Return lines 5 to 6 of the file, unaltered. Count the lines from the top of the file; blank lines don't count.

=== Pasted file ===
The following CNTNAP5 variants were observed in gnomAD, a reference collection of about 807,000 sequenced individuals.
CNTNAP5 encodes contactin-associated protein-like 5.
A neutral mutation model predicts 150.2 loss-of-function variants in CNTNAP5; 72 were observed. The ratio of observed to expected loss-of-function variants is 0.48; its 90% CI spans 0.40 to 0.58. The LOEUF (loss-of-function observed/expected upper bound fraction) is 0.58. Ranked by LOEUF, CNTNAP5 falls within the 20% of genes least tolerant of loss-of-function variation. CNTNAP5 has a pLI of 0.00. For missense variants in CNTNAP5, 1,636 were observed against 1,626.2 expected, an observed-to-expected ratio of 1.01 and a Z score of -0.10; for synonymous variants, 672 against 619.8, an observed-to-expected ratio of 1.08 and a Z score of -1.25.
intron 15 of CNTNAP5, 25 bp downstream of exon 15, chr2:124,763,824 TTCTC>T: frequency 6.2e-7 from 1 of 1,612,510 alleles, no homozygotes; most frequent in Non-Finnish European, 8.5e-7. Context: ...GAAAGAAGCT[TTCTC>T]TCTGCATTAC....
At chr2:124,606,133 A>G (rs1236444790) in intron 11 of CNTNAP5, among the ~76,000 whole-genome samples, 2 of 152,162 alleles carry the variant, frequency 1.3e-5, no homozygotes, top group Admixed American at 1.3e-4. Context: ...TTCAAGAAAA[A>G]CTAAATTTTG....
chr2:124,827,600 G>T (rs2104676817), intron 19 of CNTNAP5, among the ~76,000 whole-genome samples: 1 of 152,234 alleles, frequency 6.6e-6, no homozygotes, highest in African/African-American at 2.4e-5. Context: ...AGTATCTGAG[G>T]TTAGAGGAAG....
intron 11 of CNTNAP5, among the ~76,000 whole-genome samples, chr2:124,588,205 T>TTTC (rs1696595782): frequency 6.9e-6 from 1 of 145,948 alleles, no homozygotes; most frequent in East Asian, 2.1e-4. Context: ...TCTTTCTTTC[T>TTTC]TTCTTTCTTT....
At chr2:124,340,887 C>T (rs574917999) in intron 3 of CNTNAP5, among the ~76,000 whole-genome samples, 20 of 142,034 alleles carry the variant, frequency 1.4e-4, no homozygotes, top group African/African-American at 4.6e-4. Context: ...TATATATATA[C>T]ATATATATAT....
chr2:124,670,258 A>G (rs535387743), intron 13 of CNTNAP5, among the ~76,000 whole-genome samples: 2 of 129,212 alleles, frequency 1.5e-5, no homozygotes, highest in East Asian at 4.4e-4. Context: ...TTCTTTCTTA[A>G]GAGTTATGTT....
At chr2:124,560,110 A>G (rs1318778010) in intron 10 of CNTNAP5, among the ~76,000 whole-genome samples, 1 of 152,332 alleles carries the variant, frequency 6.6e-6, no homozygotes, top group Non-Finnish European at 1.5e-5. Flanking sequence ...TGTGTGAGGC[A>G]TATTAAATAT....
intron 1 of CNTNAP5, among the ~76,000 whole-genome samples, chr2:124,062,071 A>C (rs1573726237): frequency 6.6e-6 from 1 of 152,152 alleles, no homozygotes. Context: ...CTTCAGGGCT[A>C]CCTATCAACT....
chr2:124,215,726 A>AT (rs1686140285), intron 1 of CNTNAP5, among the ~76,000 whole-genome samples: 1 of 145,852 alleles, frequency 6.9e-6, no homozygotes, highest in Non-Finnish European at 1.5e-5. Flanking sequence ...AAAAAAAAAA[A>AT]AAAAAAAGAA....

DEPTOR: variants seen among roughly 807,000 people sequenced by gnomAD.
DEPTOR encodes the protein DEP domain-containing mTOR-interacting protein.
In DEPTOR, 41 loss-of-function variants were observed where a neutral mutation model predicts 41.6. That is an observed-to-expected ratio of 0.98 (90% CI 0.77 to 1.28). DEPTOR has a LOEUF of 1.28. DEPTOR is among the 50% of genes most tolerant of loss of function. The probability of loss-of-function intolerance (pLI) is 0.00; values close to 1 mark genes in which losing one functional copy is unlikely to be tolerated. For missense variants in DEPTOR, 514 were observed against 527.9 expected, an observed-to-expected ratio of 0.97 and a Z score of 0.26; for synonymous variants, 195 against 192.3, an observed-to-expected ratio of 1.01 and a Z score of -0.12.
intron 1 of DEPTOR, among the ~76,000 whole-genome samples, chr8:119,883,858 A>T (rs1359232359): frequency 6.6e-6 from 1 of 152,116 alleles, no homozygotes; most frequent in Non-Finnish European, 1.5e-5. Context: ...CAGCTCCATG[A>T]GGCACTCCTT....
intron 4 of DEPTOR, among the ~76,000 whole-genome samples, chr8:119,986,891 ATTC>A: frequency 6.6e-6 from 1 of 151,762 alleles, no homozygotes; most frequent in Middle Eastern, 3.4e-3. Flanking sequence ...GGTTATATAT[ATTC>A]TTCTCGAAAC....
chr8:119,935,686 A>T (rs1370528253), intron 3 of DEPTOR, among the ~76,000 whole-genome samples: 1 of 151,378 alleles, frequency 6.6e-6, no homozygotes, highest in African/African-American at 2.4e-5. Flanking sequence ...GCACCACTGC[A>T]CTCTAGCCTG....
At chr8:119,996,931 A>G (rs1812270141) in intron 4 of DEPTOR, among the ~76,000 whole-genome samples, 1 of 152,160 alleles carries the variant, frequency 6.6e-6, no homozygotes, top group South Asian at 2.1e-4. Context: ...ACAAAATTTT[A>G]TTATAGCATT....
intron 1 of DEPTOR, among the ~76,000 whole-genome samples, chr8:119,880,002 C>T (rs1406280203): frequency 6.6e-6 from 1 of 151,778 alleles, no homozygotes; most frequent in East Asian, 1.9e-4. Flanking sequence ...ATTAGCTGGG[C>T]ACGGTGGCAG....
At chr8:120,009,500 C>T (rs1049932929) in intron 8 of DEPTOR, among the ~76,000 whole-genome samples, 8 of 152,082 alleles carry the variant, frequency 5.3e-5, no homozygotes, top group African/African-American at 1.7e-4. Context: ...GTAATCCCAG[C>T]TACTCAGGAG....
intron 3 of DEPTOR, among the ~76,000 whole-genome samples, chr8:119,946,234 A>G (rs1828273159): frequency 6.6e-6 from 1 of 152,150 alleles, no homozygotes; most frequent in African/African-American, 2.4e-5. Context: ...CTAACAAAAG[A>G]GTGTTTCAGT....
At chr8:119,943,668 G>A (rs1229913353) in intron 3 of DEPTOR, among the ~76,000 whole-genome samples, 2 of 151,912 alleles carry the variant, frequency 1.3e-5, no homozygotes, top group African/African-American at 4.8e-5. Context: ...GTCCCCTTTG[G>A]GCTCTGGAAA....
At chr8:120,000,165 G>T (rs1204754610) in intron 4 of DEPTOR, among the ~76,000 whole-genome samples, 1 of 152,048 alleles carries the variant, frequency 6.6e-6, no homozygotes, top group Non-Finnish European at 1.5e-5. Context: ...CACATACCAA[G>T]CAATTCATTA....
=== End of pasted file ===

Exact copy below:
At chr2:124,606,133 A>G (rs1236444790) in intron 11 of CNTNAP5, among the ~76,000 whole-genome samples, 2 of 152,162 alleles carry the variant, frequency 1.3e-5, no homozygotes, top group Admixed American at 1.3e-4. Context: ...TTCAAGAAAA[A>G]CTAAATTTTG....
chr2:124,827,600 G>T (rs2104676817), intron 19 of CNTNAP5, among the ~76,000 whole-genome samples: 1 of 152,234 alleles, frequency 6.6e-6, no homozygotes, highest in African/African-American at 2.4e-5. Context: ...AGTATCTGAG[G>T]TTAGAGGAAG....